What would four grand get you back in 1969? If you were looking for a car that had the performance to back up its looks, that dollar figure put you in the budget muscle car market. Maybe you couldn't afford a loaded Dodge Charger R/T, Plymouth GTX, or Dodge Coronet R/T, but Ma Mopar had just the ticket for you-in both Dodge and Plymouth flavors.

The idea of a muscle car low on the frills and heavy on the power didn't come from the product planners in Highland Park, but they were the first to get the message that automotive journalist Brock Yates was pushing: Go heavy on the high-performance hardware and light on the trim, making it more affordable to more buyers. (By the way, that idea came from a 19-year-old wrench-spinner on Yates' SCCA Trans-Am Challenge race team).

Plymouth took the first shot at it and hit the target dead-on. They took their new-for-'68 Belvedere coupe body, added the four-barrel 383 and heavy-duty chassis bits from the cop car package, and made the A-833 four-speed standard. Add a horn and graphics made possible by a steal of a licensing deal with Warner Brothers-Seven Arts ($50,000 to use the Road Runner's image and sound-likely less than what Chrysler paid model-maker MPC to cut a new 1/25-scale '68 Coronet B-Body tool for promotional models and kits), and they had the Plymouth Road Runner, whose base price started below $3,000.

Dodge wasn't about to lose out to its divisional sibling, so at mid-year '68, the first Dodge Coronet Super Bee appeared. They used the same formula-a base-level coupe body, heavy-duty chassis, and a 383 with a four-speed as the standard powertrain. Just over 7,800 Bees (including 125 Hemi-powered ones) were built and sold in the second half of '68, with changes for the better coming for '69.

For '69, the Super Bee got a pillar-less two-door hardtop version, the second-year styling freshening that all Coronets got, plus the optional "Ramcharger" fresh-air induction setup that opened up the scoops on the Bee's standard steel hood. Ma Mopar wasn't done yet, especially not with the spring selling season approaching (which had always been a time of new colors, new features, and new option packages).

1969-and-a-half saw the addition of option code A12 to the Coronet Super Bee option list: the 440 Six Pack engine package. It replaced the 383 with a 440 treated to an aluminum Edelbrock intake topped by three Holley two-barrels, with a scooped, matte black, pin-on fiberglass hood with SIX PACK in big red letters on the scoop's sides. Out back was a 4.10-geared Dana 60 with Sure Grip optional, and transmission choices were the A-833 four-speed (the 18-spline Hemi version) or a heavy-duty 727 Torqueflite. Wheels were 15x6-inch black steelies from the cop car parts shelf, with chrome lug nuts and no covers.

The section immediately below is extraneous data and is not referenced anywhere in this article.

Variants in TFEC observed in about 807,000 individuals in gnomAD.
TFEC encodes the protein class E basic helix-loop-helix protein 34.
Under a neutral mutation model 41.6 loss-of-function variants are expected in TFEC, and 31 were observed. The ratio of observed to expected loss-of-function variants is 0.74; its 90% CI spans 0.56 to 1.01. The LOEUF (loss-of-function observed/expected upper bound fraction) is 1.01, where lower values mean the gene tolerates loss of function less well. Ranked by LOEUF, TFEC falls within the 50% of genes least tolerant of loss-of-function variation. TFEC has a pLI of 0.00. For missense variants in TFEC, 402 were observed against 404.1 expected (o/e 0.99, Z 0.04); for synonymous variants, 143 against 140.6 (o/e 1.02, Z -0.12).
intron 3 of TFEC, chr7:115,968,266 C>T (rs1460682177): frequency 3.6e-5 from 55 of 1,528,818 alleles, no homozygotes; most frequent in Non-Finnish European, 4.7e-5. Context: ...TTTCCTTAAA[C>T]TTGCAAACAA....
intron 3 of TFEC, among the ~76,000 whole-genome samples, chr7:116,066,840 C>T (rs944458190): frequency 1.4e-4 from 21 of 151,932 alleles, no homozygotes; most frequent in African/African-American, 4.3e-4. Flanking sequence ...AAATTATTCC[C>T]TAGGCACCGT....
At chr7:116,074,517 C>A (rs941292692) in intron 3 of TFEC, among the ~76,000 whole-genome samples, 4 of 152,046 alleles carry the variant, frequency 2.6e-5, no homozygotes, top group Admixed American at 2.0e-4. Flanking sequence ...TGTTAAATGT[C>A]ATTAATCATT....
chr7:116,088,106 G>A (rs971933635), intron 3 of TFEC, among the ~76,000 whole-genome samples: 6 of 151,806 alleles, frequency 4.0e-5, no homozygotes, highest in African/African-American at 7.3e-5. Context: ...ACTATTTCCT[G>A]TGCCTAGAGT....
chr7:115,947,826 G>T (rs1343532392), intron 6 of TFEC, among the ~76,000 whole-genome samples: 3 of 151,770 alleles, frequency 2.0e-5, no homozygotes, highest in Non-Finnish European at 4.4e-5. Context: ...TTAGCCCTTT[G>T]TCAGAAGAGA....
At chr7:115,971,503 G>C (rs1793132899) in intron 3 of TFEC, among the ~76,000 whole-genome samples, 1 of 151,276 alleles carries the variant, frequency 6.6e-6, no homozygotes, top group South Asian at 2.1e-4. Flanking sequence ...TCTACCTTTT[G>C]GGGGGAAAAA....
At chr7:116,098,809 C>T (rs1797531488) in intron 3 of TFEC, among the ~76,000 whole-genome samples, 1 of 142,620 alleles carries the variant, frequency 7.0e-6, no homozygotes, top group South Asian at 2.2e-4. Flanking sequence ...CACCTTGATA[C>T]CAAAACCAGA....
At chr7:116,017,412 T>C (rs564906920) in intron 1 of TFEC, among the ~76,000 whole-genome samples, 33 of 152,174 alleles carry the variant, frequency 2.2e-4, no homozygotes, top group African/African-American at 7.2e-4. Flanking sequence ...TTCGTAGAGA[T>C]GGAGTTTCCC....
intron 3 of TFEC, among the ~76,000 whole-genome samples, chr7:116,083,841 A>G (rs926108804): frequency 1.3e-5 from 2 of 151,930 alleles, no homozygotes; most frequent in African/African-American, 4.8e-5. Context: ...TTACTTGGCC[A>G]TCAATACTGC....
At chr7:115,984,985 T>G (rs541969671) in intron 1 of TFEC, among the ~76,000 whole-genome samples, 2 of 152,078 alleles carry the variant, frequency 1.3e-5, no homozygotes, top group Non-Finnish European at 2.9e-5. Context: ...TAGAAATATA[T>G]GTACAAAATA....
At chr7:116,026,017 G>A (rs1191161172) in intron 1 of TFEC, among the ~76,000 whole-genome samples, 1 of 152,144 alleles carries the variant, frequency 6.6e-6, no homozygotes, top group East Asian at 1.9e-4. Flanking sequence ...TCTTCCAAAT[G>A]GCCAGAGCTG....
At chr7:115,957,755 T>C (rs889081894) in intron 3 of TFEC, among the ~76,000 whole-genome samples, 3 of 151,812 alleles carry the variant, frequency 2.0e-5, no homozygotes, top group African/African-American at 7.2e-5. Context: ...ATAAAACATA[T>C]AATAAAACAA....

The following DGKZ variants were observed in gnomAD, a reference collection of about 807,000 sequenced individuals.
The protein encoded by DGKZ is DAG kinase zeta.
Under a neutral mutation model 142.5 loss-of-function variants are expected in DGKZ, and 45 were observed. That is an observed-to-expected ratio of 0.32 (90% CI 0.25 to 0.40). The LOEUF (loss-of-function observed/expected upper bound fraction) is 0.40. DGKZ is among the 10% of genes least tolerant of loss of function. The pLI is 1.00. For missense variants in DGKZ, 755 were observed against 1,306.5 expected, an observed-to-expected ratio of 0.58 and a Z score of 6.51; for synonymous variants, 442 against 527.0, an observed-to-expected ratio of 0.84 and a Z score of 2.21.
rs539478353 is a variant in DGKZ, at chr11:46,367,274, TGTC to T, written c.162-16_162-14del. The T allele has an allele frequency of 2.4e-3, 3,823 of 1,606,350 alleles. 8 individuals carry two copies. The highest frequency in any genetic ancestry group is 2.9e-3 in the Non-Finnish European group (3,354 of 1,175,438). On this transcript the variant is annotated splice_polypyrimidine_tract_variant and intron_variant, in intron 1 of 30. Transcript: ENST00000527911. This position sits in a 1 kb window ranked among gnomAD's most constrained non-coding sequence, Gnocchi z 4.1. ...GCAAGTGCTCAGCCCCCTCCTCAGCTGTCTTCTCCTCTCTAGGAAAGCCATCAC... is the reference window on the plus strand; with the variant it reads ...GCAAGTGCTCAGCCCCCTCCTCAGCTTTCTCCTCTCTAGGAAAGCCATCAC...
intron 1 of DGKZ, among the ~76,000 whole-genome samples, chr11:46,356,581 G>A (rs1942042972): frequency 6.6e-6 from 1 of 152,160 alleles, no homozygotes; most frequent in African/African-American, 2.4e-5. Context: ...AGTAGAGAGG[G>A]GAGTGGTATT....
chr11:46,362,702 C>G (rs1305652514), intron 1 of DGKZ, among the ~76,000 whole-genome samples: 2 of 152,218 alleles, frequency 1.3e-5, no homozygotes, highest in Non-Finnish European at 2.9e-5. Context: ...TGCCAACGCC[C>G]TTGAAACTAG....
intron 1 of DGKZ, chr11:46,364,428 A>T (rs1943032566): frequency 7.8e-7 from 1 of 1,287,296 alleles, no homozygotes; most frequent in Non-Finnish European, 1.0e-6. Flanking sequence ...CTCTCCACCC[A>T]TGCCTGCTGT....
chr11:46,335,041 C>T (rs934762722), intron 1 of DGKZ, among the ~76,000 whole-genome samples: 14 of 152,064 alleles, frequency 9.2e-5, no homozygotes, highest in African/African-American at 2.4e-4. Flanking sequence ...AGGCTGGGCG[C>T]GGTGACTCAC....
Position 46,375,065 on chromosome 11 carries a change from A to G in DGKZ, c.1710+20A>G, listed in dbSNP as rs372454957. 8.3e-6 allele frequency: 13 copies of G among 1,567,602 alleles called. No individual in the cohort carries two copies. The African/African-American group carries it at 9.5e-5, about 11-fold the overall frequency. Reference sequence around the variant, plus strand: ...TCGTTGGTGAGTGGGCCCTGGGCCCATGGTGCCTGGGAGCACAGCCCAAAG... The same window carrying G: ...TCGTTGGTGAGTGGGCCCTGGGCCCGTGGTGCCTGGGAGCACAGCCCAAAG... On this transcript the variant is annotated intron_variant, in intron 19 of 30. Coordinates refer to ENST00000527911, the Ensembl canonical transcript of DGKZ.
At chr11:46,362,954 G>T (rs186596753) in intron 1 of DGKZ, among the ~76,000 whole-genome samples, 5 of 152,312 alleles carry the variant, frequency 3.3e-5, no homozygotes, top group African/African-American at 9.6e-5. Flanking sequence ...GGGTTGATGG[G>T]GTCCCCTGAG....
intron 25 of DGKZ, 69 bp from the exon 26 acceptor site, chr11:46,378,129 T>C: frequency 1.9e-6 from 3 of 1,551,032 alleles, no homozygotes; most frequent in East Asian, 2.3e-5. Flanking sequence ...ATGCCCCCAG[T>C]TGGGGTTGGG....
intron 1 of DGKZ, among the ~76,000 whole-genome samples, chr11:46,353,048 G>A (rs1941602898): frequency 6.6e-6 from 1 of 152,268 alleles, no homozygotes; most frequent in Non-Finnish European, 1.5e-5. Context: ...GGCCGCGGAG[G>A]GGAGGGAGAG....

On the sticker, the A12 option group cost just $462.80-about half what a Hemi cost.

One such A12 Super Bee hardtop was ordered by George Hyndman, a budget-minded, high-performance buyer at Martin B. Glauser Dodge in Vineland, New Jersey, in the spring of 1969. Along with the 440 Six Pack, he chose the Sure Grip differential ($42.35 extra), the max cooling package and torque-drive fan (which, together, added another $25.25), MusicMaster pushbutton AM radio ($61.55), a black vinyl top ($89.20), and a deluxe steering wheel ($5.45). Add all those to the Bee hardtop's $3,130 base price, and the sticker's bottom line came to $3,824.60, before the $78 destination charge was added.

That buyer got a lot for his $4,002.60 (plus tax, title, and license fees). A legitimate 13-second car on the quarter-mile, in bone stock trim.

A lot of that hardware and all of the sales paperwork was still with that number matching Bee when Bob Severino found it in the early '80s, one that had two prevous owners. "It had all the parts," he recalls, though they weren't all in their factory-installed locations, and it was stored outside. "The original engine was all apart, and the original transmission was in the trunk."